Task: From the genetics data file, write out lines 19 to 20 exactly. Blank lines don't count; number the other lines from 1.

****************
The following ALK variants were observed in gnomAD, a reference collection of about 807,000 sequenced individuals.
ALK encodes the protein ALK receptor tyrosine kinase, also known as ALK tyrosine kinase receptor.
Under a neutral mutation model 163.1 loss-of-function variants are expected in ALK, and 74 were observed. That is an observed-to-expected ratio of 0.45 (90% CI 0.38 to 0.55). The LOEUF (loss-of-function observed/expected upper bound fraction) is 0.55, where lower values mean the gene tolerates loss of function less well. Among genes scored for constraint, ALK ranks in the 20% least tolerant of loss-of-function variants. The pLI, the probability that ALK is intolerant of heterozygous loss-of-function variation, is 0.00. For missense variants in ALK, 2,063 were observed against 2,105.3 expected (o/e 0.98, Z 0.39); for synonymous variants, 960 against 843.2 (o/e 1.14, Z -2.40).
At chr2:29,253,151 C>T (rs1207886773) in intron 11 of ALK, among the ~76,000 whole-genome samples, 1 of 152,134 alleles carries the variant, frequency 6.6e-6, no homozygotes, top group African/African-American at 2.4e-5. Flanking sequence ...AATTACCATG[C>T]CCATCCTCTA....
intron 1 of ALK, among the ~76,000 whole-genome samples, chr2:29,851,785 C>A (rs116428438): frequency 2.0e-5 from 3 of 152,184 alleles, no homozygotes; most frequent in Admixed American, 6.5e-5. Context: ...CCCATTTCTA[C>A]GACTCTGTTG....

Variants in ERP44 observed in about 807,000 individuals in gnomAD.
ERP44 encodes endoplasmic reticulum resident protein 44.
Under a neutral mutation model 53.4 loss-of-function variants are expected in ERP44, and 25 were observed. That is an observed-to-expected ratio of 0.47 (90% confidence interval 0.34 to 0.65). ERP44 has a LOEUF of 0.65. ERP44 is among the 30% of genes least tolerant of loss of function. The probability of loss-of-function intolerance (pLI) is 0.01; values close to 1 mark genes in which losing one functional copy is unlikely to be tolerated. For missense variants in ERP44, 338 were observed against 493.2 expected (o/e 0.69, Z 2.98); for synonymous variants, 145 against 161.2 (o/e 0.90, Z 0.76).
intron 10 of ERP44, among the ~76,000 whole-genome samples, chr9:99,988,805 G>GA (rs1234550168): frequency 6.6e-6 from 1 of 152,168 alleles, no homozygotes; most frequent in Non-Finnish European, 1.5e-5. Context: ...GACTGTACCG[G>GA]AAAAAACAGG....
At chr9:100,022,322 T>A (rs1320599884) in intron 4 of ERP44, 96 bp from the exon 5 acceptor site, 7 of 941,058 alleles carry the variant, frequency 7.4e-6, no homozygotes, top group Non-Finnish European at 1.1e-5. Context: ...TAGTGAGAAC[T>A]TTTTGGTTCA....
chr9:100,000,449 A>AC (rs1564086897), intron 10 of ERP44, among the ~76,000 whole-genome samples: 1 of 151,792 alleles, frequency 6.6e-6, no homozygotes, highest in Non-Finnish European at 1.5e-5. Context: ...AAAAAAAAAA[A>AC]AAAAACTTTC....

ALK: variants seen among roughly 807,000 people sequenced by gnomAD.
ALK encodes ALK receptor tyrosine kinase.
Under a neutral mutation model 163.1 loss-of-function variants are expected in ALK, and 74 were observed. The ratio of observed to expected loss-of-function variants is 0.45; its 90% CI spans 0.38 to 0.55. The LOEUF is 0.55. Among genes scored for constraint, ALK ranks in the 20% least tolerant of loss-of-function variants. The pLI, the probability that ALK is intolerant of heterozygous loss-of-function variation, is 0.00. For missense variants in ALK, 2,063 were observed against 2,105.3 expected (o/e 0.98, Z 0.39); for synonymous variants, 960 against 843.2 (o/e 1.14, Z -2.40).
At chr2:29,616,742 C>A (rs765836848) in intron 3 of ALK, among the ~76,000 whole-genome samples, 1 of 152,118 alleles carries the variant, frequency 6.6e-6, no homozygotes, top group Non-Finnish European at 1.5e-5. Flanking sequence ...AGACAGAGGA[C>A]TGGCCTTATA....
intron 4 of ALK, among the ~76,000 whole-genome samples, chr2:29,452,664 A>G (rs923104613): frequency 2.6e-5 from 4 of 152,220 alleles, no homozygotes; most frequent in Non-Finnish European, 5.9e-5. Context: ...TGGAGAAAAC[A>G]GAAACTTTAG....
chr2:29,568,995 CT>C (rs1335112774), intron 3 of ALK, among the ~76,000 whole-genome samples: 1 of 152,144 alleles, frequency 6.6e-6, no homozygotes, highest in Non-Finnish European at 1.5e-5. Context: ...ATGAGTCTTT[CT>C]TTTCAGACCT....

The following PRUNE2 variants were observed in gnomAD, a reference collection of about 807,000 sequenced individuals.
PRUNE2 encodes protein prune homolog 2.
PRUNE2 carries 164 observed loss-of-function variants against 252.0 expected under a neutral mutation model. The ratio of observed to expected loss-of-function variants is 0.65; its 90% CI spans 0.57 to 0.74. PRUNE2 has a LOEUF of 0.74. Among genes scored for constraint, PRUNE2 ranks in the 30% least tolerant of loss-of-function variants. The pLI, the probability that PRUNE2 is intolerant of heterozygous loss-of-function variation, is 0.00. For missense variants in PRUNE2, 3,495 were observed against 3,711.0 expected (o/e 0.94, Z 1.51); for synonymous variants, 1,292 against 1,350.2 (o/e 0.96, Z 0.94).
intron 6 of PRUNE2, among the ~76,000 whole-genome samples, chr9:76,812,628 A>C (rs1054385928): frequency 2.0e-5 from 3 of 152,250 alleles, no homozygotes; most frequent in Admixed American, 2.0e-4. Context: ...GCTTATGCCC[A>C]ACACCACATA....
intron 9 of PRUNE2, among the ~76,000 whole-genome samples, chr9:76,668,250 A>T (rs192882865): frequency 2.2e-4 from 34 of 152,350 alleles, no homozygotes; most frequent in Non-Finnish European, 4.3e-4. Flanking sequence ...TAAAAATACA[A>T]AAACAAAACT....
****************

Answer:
PRUNE2 encodes protein prune homolog 2.
PRUNE2 carries 164 observed loss-of-function variants against 252.0 expected under a neutral mutation model. The ratio of observed to expected loss-of-function variants is 0.65; its 90% CI spans 0.57 to 0.74. PRUNE2 has a LOEUF of 0.74. Among genes scored for constraint, PRUNE2 ranks in the 30% least tolerant of loss-of-function variants. The pLI, the probability that PRUNE2 is intolerant of heterozygous loss-of-function variation, is 0.00. For missense variants in PRUNE2, 3,495 were observed against 3,711.0 expected (o/e 0.94, Z 1.51); for synonymous variants, 1,292 against 1,350.2 (o/e 0.96, Z 0.94).